Jacob Javits Gifted & Talented Students Education Act

The Jacob Javits Gifted and Talented Students Education Act (Javits) was first passed by Congress in 1988 as part of the Elementary and Secondary Education Act and was most recently reauthorized through the Every Student Succeeds Act to support the development of talent in U.S. schools.  The Javits Act, which is the only federal program dedicated specifically to gifted and talented students, does not fund local gifted education programs.  

Funding for Javits Program - Federal Fiscal Year 2018 (October 1, 2017–September 20, 2018)

It is anticipated that the Javits program will receive $12 million for fiscal year 2018, the same amount of funding as received in 2017. Both the Senate and House appropriations committees have included the $12 million funding level in their respective bills that fund the departments of Labor/HHS and Education and the individual programs each agency oversees.  Once a fiscal year 2018 appropriations bill is finalized, the U.S. Department of Education will determine if they will have a new grant competition.  

In calendar year 2017, the U.S. Department of Education awarded funding for thirteen 2017 and one 2018 (one project funded down the 2017 slate) Javits projects. 

The Administration has proposed cutting Javits for Federal fiscal year 2019 (FY19). With the support of advocates, we are working to convince Congress to fund Javits in FY19. If you are interested in learning more about our advocacy efforts, please join the Legislative Action Network.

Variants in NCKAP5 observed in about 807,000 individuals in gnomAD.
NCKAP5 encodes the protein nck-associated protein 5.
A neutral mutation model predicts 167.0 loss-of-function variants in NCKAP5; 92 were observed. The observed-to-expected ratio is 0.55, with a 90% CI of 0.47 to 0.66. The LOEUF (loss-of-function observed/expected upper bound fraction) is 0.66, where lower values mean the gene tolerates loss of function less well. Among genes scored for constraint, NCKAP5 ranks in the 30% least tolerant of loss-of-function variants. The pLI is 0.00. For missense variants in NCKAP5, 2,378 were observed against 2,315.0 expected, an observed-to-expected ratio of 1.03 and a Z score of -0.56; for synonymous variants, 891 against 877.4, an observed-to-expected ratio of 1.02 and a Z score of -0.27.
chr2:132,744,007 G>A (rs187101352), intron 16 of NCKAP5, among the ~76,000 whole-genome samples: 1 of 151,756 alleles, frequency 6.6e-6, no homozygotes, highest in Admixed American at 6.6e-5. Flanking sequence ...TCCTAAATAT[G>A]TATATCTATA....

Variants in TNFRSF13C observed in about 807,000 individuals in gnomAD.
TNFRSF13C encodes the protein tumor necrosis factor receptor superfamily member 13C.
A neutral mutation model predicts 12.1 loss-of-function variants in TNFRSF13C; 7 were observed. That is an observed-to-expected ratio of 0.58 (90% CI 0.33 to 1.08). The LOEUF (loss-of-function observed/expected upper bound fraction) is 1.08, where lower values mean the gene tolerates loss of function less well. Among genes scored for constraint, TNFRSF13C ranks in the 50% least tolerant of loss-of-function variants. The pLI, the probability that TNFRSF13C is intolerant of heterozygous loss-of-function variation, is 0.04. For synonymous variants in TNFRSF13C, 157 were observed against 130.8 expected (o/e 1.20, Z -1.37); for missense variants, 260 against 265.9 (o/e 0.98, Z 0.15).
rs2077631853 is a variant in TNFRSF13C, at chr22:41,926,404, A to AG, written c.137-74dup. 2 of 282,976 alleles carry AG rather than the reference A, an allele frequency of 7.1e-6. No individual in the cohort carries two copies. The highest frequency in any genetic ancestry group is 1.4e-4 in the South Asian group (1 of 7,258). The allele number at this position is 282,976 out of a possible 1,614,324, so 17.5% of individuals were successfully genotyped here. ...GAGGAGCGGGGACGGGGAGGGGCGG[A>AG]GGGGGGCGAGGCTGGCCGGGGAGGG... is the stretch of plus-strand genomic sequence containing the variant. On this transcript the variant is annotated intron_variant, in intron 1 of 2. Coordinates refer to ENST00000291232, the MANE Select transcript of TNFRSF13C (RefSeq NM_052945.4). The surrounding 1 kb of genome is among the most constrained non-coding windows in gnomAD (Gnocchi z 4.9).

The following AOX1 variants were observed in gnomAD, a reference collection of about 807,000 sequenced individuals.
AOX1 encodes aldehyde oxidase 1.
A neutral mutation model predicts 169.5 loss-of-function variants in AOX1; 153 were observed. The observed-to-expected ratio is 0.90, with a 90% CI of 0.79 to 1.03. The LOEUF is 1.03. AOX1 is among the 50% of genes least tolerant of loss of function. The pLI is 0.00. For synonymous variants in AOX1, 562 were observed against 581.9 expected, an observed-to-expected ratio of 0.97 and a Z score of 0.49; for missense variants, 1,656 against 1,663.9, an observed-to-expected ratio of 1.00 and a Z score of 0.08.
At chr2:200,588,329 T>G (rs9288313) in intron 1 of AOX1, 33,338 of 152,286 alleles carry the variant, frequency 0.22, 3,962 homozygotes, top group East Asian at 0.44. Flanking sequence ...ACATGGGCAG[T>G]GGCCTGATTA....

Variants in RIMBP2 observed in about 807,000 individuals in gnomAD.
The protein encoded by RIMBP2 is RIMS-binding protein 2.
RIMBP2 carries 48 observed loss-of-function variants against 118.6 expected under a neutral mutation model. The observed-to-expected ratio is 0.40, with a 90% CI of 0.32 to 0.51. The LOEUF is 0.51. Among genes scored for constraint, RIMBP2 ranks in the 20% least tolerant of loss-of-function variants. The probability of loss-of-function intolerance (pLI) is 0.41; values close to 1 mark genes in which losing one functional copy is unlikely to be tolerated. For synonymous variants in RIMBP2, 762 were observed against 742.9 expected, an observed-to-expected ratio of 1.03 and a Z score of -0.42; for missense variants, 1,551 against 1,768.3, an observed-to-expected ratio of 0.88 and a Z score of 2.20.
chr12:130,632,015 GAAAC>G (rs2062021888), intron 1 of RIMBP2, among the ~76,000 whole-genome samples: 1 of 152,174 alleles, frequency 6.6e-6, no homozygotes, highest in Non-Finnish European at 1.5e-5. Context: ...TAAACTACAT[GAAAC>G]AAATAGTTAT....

Read about the effectiveness of the Javits program.

Background on Javits Act

The purpose of the Jacob Javits Gifted and Talented Students Education Act is to orchestrate a coordinated program of scientifically based research, demonstration projects, innovative strategies, and similar activities that build and enhance the ability of elementary and secondary schools to meet the special educational needs of gifted and talented students.  

The Javits Act focuses resources on identifying and serving students who are traditionally underrepresented in gifted and talented programs, particularly minority, economically disadvantaged, English language learners, and students with disabilities, to help reduce gaps in achievement and to encourage the establishment of equal educational opportunities for all students.

In addition to the demonstration grants, the Javits program funds a National Research and Development Center for the Education of Gifted and Talented Children and Youth, which conducts a focused program of research that includes an exploratory study, an impact evaluation, and leadership and outreach activities to ensure that the research informs education practice.  The Javits program, like other authorized federal grant programs, must be funded each year by the Congress.